This is all treated in a knockabout style and the characters are well delineated. In contrast to the humorous aspects there is also Mayevskyj family backstory from Ukraine which is much more sombre. Nikolai and his wife lived through Stalin’s farm collectivisations (and famines) of the 1920s and 30s plus the German invasion of World War 2. The main thrust of the novel, though, is really about Nadezhda’s lack of intimate knowledge of this past and Vera’s insistence that things belong there, not to be dredged up.

Some infelicities: the marriage takes place in a Catholic church even though Valentina is divorced (but the priest may not know) and Peterborough (United) are playing at home but appear on the big screen on a pub TV. This latter is unlikely I would think - even if they did reach the Championship.

Lewycka makes great play of the traumatic past of the Majevskyj family but to my mind there was a whiff of “something nasty in the woodshed” about her treatment of it.

A Short History Of Tractors In Ukrainian is entertaining but ultimately strives for more than it delivers.
The younger sister, Nadezhda, reminisces about Ukraine and ponders the country's history. She dwells on well-known tragic events: the famine, Nazi occupation, Stalin's purges, Babi Yar. The hard realism of these images is in stark contrast with the grotesque main plot. Reading this novel gave me the impression that I had read a school textbook on Ukrainian history with one eye on an episode of Coronation Street.
added by KayCliff | editThe Guardian, Andrey Kurkov (Mar 19, 2005)
More than just a jovial farce about assimilation, A Short History Of Tractors in Ukrainian is spliced with family anecdotes and memories of the motherland. Nadezhda remembers her mother's salty vegetable soup and her father's prize-winning eulogy to a hydro-electric power station. More significantly, elder sister Vera comes clean about the family's wartime past, including time spent in a German labour camp.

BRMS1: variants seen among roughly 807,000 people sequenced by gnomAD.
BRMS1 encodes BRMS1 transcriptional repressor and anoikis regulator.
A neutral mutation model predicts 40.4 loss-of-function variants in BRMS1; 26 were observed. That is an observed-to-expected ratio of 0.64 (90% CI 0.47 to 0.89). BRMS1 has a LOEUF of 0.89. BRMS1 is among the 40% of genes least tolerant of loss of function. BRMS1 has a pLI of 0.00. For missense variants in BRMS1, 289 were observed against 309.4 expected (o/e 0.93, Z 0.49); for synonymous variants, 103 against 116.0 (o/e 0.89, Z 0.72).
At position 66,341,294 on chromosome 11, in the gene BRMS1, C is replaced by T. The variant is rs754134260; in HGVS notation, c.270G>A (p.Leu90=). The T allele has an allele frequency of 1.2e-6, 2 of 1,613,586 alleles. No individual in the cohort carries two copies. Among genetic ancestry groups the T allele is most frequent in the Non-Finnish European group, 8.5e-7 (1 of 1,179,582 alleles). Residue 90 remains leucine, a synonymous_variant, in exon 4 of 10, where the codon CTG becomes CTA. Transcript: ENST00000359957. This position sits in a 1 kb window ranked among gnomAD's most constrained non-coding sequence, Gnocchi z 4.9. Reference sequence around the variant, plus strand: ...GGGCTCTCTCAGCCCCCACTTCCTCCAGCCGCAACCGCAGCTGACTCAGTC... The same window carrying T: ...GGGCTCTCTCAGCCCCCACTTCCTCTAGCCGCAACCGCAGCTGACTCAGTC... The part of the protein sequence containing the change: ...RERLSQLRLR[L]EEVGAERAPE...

Despite Lewycka's robust writing, the will-she-won't-she-stay element of Valentina's story is hard to sustain. The family ends up in court, but the outcome is predictable.
added by KayCliff | editThe Independent, Emma Hagestadt (Mar 16, 2005)
Predictable and sometimes repetitive hilarity ensues. But then Lewycka's comic narrative changes tone. Nadezhda, who has never known much about her parents' history, pieces it together with her sister and learns that there is more to her cartoonish father than she once believed. "I had thought this story was going to be a knockabout farce, but now I see it is developing into a knockabout tragedy," Nadezhda says at one point, and though she is referring to Valentina, she might also be describing this unusual and poignant novel.
added by KayCliff | editPublishers Weekly (Mar 7, 2005)

» Add other authors (17 possible)

Author nameRoleType of authorWork?Status
Lewycka, Marinaprimary authorall editionsconfirmed
Hartenstein, ElfieTranslatorsecondary authorsome editionsconfirmed
Kooreman, MarjaTranslatorsecondary authorsome editionsconfirmed
SitaraTranslatorsecondary authorsome editionsconfirmed

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Two years after my mother died, my father fell in love with a glamorous blond Ukrainian divorcee.
He was eighty-four and she was thirty-six. She exploded into our lives like a fluffy pink grenade, churning up the murky water, bringing to the surface sludge of sloughed-off memories, giving the family ghosts a kick up the backside.
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For years, Nadezhda and Vera have had as little as possible to do with each other. But now they find they'd better learn how to get along, because since their mother's death their ageing father has been sliding into his second childhood, and an alarming new woman has just entered his life.

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Aus der Amazon.de-Redaktion

Das Übel trägt einen Namen: Valentina! -- Seit die vollbusige, wasserstoffblonde Ukrainerin in Vater Nikolais Leben trat, schwebt der 84-Jährige Witwer im siebten Testosteron-Himmel. Der Alte verfasst selbstgefertigte Gedichte, lässt die Wohnung vergammeln und trägt Spendierhosen in Übergröße. Lediglich die „Hydraulik“ gewisser Körperpartien bereitet ihm Kummer. Was Wunder, zählt die Angebetete gerade mal süße sechsunddreißig. Nikolais verfeindete Töchter Vera und Nadeshda (die Ich-Erzählerin des Romans), riechen den Braten der Scheinehe zum Zwecke der Einbürgerung und beginnen sich ums väterliche Erbe zu sorgen.